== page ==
The Dreaded Writer’s Block

So. You have Writer’s Block. You finally have some free time to write and no words are coming. Just a blinking cursor on a blank page. What do you do?

First of all, don’t panic! It’s not the end of the world. We’ve all been there, and we’ve all come out the other side. There are ways to clear it.

For me, I find that issue known as Writer’s Block tends to fall into one of two categories.

  1. I’m lazy.

The lure of the internet will always be greater than the lure of my story. In this scenario, what I am telling myself is ‘Writer’s Block’ is actually just my inability to get off social media, knuckle down, and do the work.

There are a few things I can do in this situation.

  1. Change location. Tend to write in bed, which is fine most of the time. But it does encourage laziness when I’m not in the mood. If I go sit at the dining room table, I’m more likely to focus, because it snaps me out of my lazy habit.
  2. Close the browser, turn on Freedom. Banning myself from the internet from an hour funnily enough makes me a lot more productive. This is harder to do than one might expect.
  3. Leave the house, write elsewhere. This is really a combination of the two above points, particularly if you choose to write in a place with no internet. I sometimes write in coffee shops that either don’t have internet or I don’t know the password. The downside is, of course, that you have to put on pants.

2. I don’t know what’s coming next in my story

If you’ve done all of the above and you end up playing an old game of solitaire on your computer instead of writing, then you know the problem goes a little deeper. But it’s fine! This, too, you can overcome.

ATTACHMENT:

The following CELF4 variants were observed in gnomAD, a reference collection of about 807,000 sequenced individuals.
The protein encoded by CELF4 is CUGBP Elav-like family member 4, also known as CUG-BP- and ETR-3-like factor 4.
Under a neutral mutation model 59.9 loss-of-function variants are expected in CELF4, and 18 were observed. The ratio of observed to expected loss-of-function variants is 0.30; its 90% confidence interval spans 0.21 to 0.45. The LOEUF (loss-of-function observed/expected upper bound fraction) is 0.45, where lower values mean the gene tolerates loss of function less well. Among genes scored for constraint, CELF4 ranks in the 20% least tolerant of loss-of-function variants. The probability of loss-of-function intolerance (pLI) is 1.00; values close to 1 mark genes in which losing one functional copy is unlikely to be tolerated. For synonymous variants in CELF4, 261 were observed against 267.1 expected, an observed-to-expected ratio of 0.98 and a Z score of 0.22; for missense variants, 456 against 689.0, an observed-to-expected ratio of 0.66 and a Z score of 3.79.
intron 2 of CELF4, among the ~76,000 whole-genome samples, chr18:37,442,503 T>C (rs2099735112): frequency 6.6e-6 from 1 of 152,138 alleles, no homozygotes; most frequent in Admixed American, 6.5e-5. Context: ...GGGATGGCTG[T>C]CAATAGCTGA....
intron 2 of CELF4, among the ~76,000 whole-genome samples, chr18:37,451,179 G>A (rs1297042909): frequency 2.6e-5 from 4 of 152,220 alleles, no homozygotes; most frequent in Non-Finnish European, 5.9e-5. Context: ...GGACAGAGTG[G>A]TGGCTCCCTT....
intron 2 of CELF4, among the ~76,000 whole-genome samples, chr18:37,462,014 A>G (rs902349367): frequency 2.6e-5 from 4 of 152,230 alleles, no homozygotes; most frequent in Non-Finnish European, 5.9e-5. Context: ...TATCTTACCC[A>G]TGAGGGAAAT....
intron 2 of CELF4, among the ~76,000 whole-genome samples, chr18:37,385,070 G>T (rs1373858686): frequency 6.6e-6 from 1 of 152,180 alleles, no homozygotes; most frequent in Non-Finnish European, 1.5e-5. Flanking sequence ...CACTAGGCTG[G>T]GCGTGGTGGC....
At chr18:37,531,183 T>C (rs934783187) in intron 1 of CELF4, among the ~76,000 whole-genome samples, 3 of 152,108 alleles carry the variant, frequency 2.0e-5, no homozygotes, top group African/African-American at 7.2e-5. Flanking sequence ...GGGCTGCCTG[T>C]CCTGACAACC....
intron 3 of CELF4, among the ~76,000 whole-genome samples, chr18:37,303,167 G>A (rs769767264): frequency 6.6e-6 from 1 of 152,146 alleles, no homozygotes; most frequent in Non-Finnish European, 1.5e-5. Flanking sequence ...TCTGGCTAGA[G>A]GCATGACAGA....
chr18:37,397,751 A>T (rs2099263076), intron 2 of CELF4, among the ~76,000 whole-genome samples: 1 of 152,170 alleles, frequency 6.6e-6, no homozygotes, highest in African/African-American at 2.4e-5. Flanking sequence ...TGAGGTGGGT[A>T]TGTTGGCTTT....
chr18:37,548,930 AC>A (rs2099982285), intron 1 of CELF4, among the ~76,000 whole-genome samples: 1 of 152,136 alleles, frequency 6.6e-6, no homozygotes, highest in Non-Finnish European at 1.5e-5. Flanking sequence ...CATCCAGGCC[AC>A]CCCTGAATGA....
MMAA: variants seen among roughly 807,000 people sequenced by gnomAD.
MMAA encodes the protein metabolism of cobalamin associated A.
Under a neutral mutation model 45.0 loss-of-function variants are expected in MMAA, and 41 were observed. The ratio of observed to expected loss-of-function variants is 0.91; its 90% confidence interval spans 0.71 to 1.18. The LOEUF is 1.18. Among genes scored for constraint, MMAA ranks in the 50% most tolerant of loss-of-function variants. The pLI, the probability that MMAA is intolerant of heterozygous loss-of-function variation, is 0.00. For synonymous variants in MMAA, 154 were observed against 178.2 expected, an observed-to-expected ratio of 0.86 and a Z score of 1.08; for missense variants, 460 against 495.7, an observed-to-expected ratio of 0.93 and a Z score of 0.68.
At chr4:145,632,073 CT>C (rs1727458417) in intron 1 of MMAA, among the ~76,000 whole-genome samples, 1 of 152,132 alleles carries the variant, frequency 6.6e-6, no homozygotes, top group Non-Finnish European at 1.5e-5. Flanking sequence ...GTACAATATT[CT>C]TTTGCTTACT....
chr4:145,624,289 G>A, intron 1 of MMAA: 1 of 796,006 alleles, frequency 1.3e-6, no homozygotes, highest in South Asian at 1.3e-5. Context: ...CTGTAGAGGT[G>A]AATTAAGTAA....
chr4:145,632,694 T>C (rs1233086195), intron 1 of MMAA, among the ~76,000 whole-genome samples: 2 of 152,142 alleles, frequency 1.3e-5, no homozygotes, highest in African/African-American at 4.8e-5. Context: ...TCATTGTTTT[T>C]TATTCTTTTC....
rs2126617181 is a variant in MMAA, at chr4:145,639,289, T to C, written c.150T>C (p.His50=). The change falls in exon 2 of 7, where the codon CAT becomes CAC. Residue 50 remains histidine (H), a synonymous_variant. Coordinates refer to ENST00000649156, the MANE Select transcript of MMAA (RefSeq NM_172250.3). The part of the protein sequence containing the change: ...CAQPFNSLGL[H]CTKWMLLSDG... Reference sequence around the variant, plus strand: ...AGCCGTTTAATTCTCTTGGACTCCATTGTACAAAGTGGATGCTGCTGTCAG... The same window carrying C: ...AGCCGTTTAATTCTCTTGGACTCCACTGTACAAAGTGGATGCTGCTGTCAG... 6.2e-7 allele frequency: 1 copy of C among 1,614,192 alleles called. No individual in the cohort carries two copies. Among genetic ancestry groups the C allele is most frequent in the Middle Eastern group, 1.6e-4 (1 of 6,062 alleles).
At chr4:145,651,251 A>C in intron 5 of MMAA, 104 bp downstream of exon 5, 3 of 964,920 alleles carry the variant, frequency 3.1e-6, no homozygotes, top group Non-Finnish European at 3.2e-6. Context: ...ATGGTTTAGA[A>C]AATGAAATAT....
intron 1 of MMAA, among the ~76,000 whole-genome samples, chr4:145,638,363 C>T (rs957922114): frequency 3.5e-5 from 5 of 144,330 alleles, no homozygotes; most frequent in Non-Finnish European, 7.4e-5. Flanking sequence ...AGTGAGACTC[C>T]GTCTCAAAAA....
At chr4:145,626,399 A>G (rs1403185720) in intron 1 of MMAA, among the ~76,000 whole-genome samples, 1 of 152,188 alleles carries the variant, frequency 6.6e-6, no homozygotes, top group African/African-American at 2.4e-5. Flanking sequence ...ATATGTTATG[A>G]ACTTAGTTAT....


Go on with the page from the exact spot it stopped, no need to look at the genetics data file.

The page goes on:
As I discussed here, I’m a pantser. This means that I don’t always know what’s coming next. Or, I do know, but I’m not sure how to write it.

For example, I might know that something dramatic happens in the next scene, but I have to lead into it. So, I start asking myself: Where does this scene start? What’s the emotional tone? What kind of changes do the characters need to go through? How do I choreograph this? What does this location look like?

Sometimes I’m not always even aware that I can’t answer the questions. I only think I know what I’m doing. Or, sometimes, I know the answers, but they are the wrong answer. And so I need to fix it.

So, what do you do when you realise you need to figure out what comes next?

  1. Go back to your outline. Usually by combing through it I can see what I’m missing, where I went wrong, what needs to happen in this scene, and so on. Just writing out my ideas generally solidifies my plan.
  2. Go for a walk. Get some fresh air, a bit of light exercise, endorphins, etc. It’s amazing how much a walk can clear your head. It gives your brain time to breathe and ponder, recharge ready for the next attempt at writing.
  3. Talk to a friend. Sometimes, it turns out this isn’t a problem you can solve on your own. Or, you can, but you need a sounding board. Get a writerly friend who has some time, and explain the problem to them. Half the time, you will have solved the issue before you even finish your explanation. The other half, your friend can offer their own opinion. You might not take it, but it will at least help you clarify your own thoughts on the matter.


I’ve heard other writer’s describe other reasons for Writer’s Block, too. Some can’t write if they have a task they don’t want to do (like have a hard conversation with their mother-in-law, or needing to decide which books to take to the charity sale). Once they stop putting off the task, it frees their headspace and gets the creative juices flowing again.


The most important thing about Writer’s Block is to remember: Don’t Panic. Panicking just makes it worse.


I hope these tips have been useful for you!

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